General ERP vendors all provide pricing management functionality but may not address industry specific issues. Process industry ERP vendors have more experience with the specific industry issues and may include more detailed functionality by industry but may have specific strengths in particular market segments where they have existing clients. Traditional customer relationship management (CRM) vendors are expanding into trade promotion from their traditional account management or call center applications. Like the general ERP vendors, their solutions tend to be broad-based. The following chart illustrates the relationship between the depth of functionality and the breadth of offering of software vendors relating to food industry pricing and trade promotion management:

Niche vendors utilize industry-specific functionality to compete with global vendors. Alex Ring, president of the Synectics Group in Orefield Pennsylvania (US), which is a provider of trade promotion management (TPM) software observes that, "Generic software does not meet the unique needs of CPG. Food is different than hardware, and within food, retail and foodservice are different. As a result there are significant differences in the functional requirements for CPG/TPM software".

Companies that have identified a "fatal flaw" in their ERP usually have very specific requirements for the functionality they need. Dean Abrams, the Senior Vice President Sales and Marketing for Carrollton Texas (US) which is a sales information vendor information retrieval methods (IRM), which provides sales promotion software to the CPG and foodservice industries, finds that in a specialized software niche, "there is a fine line between a packaged solution and one-off custom development". "We understand the foodservice segment but not everyone in foodservice has identical functional requirements." Abrams' point is that niche vendors have to walk that fine line giving companies depth of functionality they need without moving into creating custom software.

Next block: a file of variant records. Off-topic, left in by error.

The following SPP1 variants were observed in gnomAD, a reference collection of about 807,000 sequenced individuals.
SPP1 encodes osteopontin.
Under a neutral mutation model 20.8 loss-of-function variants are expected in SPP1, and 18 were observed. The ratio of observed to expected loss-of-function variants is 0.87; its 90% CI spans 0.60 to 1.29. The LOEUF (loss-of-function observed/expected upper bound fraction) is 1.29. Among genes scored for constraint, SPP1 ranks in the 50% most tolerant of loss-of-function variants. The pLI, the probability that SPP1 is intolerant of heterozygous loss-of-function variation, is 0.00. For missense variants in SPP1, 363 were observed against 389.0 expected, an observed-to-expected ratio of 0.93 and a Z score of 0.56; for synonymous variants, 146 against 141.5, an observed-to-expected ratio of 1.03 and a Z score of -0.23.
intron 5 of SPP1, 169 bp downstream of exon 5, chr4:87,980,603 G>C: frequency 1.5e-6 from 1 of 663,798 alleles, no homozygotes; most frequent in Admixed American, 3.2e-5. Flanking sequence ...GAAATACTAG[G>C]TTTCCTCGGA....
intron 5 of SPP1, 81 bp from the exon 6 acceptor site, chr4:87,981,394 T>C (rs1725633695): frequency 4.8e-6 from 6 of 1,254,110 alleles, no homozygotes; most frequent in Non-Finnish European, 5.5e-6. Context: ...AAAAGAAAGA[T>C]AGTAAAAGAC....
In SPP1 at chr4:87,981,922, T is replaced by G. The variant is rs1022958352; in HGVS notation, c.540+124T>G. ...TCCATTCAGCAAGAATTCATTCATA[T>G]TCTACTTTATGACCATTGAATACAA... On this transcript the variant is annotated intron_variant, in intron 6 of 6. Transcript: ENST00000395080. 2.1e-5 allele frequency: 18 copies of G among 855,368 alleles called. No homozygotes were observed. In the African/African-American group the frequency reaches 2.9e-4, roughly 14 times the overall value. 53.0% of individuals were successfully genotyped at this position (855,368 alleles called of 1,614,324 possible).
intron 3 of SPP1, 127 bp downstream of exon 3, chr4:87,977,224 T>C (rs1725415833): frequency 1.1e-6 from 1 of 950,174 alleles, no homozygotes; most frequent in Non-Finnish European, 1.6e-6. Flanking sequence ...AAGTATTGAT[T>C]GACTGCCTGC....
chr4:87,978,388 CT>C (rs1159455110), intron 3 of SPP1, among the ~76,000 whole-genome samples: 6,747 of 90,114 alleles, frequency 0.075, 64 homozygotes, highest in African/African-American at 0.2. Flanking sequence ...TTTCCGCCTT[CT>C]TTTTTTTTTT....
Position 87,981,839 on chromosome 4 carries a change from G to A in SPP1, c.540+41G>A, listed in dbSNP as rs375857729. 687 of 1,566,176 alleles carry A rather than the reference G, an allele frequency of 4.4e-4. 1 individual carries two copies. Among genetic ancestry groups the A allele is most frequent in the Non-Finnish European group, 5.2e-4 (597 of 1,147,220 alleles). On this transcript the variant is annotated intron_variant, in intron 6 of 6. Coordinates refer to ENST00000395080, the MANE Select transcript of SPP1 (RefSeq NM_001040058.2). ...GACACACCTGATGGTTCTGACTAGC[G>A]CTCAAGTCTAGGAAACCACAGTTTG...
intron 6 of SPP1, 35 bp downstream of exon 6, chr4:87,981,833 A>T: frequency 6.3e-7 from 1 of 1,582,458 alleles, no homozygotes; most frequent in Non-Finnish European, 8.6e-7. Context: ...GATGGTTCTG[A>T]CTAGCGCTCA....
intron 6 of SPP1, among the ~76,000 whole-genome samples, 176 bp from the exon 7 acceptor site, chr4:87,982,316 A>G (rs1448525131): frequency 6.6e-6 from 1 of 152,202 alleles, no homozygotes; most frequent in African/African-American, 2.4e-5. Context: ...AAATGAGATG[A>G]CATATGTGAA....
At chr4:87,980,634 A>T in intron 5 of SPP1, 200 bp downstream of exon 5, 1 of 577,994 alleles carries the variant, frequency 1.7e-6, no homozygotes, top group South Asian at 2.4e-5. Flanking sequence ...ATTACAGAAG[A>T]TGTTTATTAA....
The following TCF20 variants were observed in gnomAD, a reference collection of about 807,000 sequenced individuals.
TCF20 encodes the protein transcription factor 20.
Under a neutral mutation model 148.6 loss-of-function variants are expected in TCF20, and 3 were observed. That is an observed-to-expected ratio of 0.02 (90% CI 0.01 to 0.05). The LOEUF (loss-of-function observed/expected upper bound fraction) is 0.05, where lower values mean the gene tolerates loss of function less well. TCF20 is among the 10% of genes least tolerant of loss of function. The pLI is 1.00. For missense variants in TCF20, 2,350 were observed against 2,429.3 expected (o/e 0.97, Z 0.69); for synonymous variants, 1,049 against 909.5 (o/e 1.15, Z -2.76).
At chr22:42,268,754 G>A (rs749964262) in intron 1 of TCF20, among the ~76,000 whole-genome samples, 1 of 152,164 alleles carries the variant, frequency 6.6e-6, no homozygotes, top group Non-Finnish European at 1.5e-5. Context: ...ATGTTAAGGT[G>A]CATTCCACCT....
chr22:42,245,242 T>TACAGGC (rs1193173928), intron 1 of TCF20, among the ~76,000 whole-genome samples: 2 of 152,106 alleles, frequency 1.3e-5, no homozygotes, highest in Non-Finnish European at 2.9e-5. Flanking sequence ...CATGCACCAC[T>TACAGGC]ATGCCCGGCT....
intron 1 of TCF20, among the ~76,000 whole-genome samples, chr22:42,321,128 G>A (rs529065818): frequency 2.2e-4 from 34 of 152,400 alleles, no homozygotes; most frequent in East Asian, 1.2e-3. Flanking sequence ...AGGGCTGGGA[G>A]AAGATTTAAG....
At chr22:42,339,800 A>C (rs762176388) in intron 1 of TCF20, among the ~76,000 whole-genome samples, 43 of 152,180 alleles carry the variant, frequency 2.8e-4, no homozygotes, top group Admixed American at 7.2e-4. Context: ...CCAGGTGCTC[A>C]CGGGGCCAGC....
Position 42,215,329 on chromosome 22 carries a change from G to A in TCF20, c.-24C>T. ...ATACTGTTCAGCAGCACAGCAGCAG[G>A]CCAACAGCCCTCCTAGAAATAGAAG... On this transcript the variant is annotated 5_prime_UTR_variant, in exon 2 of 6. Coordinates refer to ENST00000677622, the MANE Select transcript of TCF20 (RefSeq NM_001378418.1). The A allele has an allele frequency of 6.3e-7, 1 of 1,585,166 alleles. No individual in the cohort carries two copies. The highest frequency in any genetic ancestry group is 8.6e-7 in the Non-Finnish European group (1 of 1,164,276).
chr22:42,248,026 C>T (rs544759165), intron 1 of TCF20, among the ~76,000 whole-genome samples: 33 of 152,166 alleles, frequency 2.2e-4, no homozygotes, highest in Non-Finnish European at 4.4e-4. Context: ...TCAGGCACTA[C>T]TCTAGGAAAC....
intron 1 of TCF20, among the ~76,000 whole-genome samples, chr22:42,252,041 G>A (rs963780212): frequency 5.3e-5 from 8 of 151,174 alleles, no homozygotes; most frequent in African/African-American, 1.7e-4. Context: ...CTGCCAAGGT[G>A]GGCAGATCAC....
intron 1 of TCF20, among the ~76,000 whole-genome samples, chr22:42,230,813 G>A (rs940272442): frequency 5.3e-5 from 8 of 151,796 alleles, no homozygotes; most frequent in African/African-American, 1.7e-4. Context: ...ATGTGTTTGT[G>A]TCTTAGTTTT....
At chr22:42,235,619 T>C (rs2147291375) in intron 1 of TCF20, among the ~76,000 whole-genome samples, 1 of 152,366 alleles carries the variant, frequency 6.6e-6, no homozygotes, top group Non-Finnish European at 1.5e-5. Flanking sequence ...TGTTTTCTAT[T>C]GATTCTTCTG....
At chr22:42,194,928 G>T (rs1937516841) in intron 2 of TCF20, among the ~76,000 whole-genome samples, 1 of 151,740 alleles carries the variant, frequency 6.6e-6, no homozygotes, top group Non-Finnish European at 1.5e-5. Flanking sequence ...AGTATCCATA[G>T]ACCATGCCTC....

Conclusions

The issue of ERP fatal flaws outlined here is characteristic of many that face CPG companies who are looking to apply software to industry and segment specific problems. General ERP and CRM software is designed to focus on general business practices within broad industries. Specialized ERP software, like Process ERP provides solutions for specific industries and even segments within those industries. Niche software can be tailored to a specific industry segment. Jim Stromvig, information services manager at Salem OR frozen food manufacturer NORPAC, has one caveat. Stromvig has found that niche software vendors can provide," functionality that is an improvement over the paper processes but most will require you to make some modification to your existing business practices".

In Memoriam

Bill Friend was a consultant, writer, and speaker who specialized in the application of IT to business problems in the process industries. He was a principal of WR Friend & Associates and had over twenty-five years executive experience in food and chemical manufacturing. Bill co-wrote a monthly column "Managing Software" for Food Engineering (www.foodengineeringmag.com) and was a co-founder of the Food, Chemical and Life Science CIO Forums found at www.foodcioforum.com, www.chemcioforum.com, and www.lifesciencecioforum.com.

He was a colleague and valued contributor to the TEC site. He will be missed.